CONNECTING THE DOTS OF COMMONALITY
Dolce Magazine|Winter 2019/20
Chandrika Tandon, the successful businesswoman, singer, composer and philanthropist, shares her philosophies on living a life that is reflected through a prism of spirituality, mindfulness and deep kindness
CECE M. SCOTT

Every once in a while, we meet someone who is new to our circle of influence, a person whom we’ve neither previously known about, nor met or talked to before. But once the introduction is made, that person becomes a welcome beacon of light, a spark of inspiration that resonates on a spiritual plane and motivates us to break through and beyond our barriers, to rise above and do better. And not just for ourselves, but also for all of those we meet along our path.

Chandrika Tandon, highly successful businesswoman, composer and Grammy-nominated singer, is such a person, one whose inherently intimate philosophy and intrinsic motto on life is centred on a triangle of three key attributes: love, light, laughter. “This is what my life is about, what I am about,” she says. “I am love; I am in the light; and I always want to experience this sense of joy, this sense of laughter.”

Born in Madras, south India’s hub of culture, economics and education (the city is now called Chennai), in 1954, Tandon’s upbringing was rooted in the formalities of a traditional Indian home and immersed in the intricate mosaic of rituals that are handed down from generation to generation. “As the first child and the first girl, all of my family’s hopes were pinned to my success, especially as it related to a successful arranged marriage. My earliest memories are of my mother buying my trousseau,” Tandon says. “As the first daughter of a very large family, there was a lot of pressure to make a good marriage; it was an important issue for my family. If a good marriage was not made, everyone would be affected. Any friend of mine who came to the house was told that I would be engaged by the time I was 17 and married by the time I was 18.”

Contained but not subdued by this milieu, Tandon created her own dreams, ones that were wrapped in a world of poetry and a multitude of books. Sitting often with her elderly grandfather, who lived with the family, Tandon was exposed to many diverse and vaulted authors. “I had read most of the works of Shakespeare by the time I was 14,” she says. “I memorized several hundred poems in long form, many of which I still remember.”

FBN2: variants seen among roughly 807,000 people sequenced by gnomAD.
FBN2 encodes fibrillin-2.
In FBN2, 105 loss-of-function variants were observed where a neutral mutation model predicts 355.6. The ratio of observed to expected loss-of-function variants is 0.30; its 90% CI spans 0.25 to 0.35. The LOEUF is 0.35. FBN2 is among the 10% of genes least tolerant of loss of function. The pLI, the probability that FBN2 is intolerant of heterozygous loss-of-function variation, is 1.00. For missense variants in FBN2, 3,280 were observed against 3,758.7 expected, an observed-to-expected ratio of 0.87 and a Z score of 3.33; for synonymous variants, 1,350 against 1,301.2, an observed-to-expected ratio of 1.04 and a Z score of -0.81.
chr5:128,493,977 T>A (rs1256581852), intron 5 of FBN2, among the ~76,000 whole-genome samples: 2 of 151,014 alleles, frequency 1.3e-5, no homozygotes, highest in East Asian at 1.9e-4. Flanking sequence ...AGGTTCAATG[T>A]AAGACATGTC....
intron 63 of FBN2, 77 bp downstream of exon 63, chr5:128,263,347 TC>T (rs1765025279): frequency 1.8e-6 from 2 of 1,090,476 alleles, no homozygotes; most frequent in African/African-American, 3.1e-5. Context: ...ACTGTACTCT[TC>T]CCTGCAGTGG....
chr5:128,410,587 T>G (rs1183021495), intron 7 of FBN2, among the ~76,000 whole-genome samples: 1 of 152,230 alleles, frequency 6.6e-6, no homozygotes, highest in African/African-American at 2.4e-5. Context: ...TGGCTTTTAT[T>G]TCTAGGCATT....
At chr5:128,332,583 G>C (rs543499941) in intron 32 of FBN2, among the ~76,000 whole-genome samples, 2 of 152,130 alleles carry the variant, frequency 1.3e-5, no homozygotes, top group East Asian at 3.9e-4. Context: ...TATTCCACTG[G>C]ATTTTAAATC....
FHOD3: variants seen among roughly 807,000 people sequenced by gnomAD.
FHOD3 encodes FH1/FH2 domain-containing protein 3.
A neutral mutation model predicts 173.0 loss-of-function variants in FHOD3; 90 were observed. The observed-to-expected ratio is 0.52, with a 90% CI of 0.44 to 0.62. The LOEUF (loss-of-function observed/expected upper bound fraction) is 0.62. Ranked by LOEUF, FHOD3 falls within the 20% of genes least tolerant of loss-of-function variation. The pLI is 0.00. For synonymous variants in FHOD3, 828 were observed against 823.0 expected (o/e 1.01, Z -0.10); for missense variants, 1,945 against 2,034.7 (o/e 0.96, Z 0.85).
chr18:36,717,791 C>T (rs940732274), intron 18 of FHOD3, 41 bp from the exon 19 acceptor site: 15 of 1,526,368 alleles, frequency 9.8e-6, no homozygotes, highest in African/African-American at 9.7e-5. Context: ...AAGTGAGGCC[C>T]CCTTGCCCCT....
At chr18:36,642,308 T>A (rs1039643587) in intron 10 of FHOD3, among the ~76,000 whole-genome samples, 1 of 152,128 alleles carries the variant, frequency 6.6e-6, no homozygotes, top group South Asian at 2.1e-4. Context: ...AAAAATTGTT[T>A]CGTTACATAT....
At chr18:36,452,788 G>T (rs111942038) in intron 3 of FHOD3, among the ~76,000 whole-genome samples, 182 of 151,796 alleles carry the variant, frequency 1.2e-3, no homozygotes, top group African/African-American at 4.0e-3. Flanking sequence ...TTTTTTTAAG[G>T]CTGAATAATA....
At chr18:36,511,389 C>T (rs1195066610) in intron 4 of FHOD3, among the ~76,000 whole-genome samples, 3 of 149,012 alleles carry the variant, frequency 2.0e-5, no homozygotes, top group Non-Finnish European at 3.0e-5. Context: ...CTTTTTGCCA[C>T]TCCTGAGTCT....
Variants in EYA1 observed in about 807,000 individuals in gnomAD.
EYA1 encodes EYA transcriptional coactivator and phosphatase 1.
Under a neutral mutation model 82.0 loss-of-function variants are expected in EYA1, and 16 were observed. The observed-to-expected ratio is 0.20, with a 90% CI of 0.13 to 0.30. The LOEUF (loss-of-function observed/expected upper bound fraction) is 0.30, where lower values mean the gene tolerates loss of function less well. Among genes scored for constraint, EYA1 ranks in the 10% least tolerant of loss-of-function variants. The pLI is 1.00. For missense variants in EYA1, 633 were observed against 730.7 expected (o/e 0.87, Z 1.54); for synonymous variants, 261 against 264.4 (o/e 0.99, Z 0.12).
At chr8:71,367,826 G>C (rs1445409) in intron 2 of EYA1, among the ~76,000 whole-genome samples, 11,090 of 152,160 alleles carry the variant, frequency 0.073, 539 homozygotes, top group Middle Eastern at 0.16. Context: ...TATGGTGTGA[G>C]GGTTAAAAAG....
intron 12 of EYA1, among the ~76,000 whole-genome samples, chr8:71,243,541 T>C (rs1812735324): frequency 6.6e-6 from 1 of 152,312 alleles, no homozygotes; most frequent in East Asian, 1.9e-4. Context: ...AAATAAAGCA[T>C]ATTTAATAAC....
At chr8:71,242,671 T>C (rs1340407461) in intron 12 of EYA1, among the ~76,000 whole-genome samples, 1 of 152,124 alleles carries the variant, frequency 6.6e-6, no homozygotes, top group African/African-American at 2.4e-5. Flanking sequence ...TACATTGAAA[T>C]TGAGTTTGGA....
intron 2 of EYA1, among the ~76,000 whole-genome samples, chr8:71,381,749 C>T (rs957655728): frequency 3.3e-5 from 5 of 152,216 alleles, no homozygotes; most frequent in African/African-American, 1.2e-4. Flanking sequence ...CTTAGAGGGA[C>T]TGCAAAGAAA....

At some point, however, Tandon rebelled against the all-encompassing rules of her traditional upbringing. Not even sure what the boundaries were, she wanted to break them. She wanted to study commerce at school, and even more shockingly, she wanted to attend a men’s school, her father’s alma mater, in fact, to do so. But that option, at least in the beginning, was not available to her.

The principle of light

Horrified by her daughter’s burning desire to attend a school full of boys (girls and boys were not allowed to mix in those days), Tandon’s mother adamantly refused to cede to her daughter’s wish. But Tandon, who was determined to actualize her dreams and break away from her family’s confining rules, went on a hunger strike. Her lobbying efforts were aided by Sister Mary Nessan, the headmistress of the Catholic missionary school that Tandon attended. “Sister Nessan, dressed in a white habit, came in a little black car to my house and spoke to my mother, begging her to let me go to the prestigious business program at Madras Christian College,” Tandon says. “‘This child will not grow wrong, you shouldn’t worry,’ she told my mother. Sister Nessan was definitely a mentor to me.”

Allowing their daughter to attend a co-ed college was a huge concession and a significant departure from the rules for Tandon’s parents. But between their daughter’s hunger strike, dramatic crying and Sister Nessan’s encouragement, they finally relented: Madras Christian College it was. To understand the significance of this accommodation and just how unbending the rules were in those days, the cycle of family pushback was repeated all over again when Tandon later wanted to attend the Indian Institute of Business Management. At this school, Tandon, who had been awarded several scholarships and was one of only a few hundred selected from the thousands of applicants (being accepted was like winning the Nobel Peace Prize), was also one of the youngest in her class.

“When you start to look at boundaries, your whole world vision changes,” Tandon says. “But when you don’t look at boundaries, everything seems connected, everything seems possible.”

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